Process Heaters Furnaces and Fired Heaters
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Process Heaters, Furnaces and Fired HeatersImproving Efficiency and Reducing NOx
PROCESS OVERVIEWA process heater is a direct-fired heat exchanger that uses the hot gases of combustion to raise the temperature of a feed flowing through coils of tubes aligned throughout the heater. Depending on the use, these are also called furnaces or fired heaters. Some heaters simply deliver the feed at a predetermined temperature to the next stage of the reaction process; others perform reactions on the feed while it travels through the tubes.
Process heaters are used throughout the hydrocarbon and chemical processing industries in places such as refineries, gas plants, petrochemicals, chemicals and synthetics, olefins, ammonia and fertilizer plants. Some plants may have only two or three heaters while larger plants can have more than fifty.
Most of the unit operations in these plants require fired heaters and furnaces. These operations include:
Fluidized Catalytic Cracking (FCC)
Continuous Catalyst Regeneration (CCR)
Typical process heaters can be summarized as follows:
Start-Up Heater Starts-up a process unit where it is required to heat up a fluidized bed of catalyst before adding the charge.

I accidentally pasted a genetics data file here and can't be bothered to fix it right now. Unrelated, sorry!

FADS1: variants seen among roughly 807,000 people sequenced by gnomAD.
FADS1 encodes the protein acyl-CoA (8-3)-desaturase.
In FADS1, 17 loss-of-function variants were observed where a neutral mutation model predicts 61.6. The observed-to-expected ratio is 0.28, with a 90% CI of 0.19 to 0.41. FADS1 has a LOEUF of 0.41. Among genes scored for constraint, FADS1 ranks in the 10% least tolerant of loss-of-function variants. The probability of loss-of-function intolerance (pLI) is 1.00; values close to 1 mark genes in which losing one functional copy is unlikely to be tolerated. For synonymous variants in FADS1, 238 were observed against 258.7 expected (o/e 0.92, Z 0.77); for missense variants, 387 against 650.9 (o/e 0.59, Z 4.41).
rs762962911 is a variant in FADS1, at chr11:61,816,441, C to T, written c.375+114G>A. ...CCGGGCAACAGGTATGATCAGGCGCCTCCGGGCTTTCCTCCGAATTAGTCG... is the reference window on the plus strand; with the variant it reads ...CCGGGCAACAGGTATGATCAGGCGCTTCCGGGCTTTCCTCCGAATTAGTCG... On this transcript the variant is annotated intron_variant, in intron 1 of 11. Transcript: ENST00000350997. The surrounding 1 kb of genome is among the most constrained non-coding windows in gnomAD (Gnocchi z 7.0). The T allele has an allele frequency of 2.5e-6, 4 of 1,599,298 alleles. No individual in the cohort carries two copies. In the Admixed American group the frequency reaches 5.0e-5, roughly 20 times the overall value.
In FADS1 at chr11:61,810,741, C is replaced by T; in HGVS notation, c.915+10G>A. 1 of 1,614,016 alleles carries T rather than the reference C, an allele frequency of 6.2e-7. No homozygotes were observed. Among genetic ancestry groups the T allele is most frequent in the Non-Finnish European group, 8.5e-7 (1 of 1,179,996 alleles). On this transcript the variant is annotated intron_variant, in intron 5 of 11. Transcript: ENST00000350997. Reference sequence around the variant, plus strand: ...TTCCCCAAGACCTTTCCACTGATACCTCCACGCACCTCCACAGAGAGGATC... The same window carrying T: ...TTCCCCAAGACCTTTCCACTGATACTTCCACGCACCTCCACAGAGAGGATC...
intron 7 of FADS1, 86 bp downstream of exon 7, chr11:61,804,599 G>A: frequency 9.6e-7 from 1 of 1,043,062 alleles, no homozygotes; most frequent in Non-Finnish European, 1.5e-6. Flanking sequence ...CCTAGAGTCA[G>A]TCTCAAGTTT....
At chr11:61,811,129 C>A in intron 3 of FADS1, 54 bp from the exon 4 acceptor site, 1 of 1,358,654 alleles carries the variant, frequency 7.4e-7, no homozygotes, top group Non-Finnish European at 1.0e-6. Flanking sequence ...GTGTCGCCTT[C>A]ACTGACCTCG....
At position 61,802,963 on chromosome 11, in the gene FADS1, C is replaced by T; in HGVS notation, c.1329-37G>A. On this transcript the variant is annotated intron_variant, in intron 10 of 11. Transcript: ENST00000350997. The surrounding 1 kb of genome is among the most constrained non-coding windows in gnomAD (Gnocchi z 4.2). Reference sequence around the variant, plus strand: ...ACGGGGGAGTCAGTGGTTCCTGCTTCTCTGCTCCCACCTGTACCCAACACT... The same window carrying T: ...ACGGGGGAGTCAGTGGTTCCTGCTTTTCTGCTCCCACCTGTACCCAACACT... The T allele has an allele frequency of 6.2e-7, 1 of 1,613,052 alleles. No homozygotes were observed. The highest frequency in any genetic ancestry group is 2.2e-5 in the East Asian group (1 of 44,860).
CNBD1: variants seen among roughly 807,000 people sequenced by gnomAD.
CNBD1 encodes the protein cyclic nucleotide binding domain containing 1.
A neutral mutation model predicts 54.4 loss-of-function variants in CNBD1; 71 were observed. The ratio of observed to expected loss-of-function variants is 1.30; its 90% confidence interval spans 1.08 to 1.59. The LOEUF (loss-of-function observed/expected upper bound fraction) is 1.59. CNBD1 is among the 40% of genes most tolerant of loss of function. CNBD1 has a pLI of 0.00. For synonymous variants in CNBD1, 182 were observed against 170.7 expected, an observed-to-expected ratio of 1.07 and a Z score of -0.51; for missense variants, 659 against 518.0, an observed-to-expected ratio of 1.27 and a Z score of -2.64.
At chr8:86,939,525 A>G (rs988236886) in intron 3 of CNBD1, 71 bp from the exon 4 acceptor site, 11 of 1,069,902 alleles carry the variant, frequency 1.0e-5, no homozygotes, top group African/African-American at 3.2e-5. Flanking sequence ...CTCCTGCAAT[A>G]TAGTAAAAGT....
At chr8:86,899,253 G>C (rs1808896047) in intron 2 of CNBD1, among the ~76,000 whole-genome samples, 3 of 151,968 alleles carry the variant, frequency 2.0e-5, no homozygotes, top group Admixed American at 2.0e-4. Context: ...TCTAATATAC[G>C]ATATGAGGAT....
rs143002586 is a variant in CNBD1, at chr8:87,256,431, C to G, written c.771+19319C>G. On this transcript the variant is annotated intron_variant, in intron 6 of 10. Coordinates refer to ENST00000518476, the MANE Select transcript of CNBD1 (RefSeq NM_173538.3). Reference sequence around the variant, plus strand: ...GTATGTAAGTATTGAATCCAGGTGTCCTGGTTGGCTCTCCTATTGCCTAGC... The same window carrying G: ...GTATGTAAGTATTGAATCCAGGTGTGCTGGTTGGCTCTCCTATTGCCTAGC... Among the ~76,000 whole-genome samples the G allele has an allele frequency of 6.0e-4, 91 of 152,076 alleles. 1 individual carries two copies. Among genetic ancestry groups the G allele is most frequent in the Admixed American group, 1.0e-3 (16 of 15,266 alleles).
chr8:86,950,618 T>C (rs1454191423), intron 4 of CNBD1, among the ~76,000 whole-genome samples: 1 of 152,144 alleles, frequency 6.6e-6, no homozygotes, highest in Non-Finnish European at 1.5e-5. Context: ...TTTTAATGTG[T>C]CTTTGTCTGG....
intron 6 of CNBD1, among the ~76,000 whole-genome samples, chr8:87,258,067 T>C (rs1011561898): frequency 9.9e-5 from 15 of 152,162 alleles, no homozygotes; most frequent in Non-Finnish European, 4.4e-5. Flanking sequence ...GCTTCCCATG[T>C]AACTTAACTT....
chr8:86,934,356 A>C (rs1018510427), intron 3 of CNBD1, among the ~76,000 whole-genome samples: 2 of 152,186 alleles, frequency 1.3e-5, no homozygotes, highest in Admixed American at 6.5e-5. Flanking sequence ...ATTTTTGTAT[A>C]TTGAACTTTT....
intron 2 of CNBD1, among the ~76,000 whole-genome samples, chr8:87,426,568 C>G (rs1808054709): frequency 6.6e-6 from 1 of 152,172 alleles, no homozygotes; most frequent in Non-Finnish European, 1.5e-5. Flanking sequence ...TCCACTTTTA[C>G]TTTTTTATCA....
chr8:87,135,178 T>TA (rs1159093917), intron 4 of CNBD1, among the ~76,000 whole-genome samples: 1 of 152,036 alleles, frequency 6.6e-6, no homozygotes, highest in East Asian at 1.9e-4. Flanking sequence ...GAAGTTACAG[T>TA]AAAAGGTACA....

Fired Reboiler Provides heat input to a distillation column by heating the column bottoms and vaporizing a portion of it. Used where heat requirement is greater than can be obtained from steam.
Cracking Furnace Converts larger molecules into smaller molecules, usually with a catalyst (pyrolysis furnace).
Process Heater Brings feed to the required temperature for the next reaction stage.
Process Heater Vaporizer Used to heat and partially vaporize a charge prior to distillation.
Crude Oil Heater Heats crude oil prior to distillation.
Reformer Furnace Chemical conversion by adding steam and feed with catalyst.
Figure 1. Process Heaters
Side view oftop section
Figure 2. Sections of a process heater.
Many refineries use light ends (e.g. refinery gas) from the crude units and reformers as well as waste gases for heater fuel. Natural gas is often blended with waste gas and the other off-gases as the primary fuel for heater processes. Residual fuels such as tar, pitch, and Bunker C (heavy oil) are also widely used.
The process heater shown below is a natural draft unit with inspiration type burners. Combustion air flow is regulated by positioning the stack damper. Fuel to the burners is regulated from exit feed temperature and firing rate is determined by the level of production desired.
The radiant tubes, either horizontal or vertical, are located along the walls in the radiant section of the heater and receive radiant heat direct from the burners. The radiant zone with its refractory lining is the costliest part of the heater and 85% of the heat should be gained there. This is also called the firebox.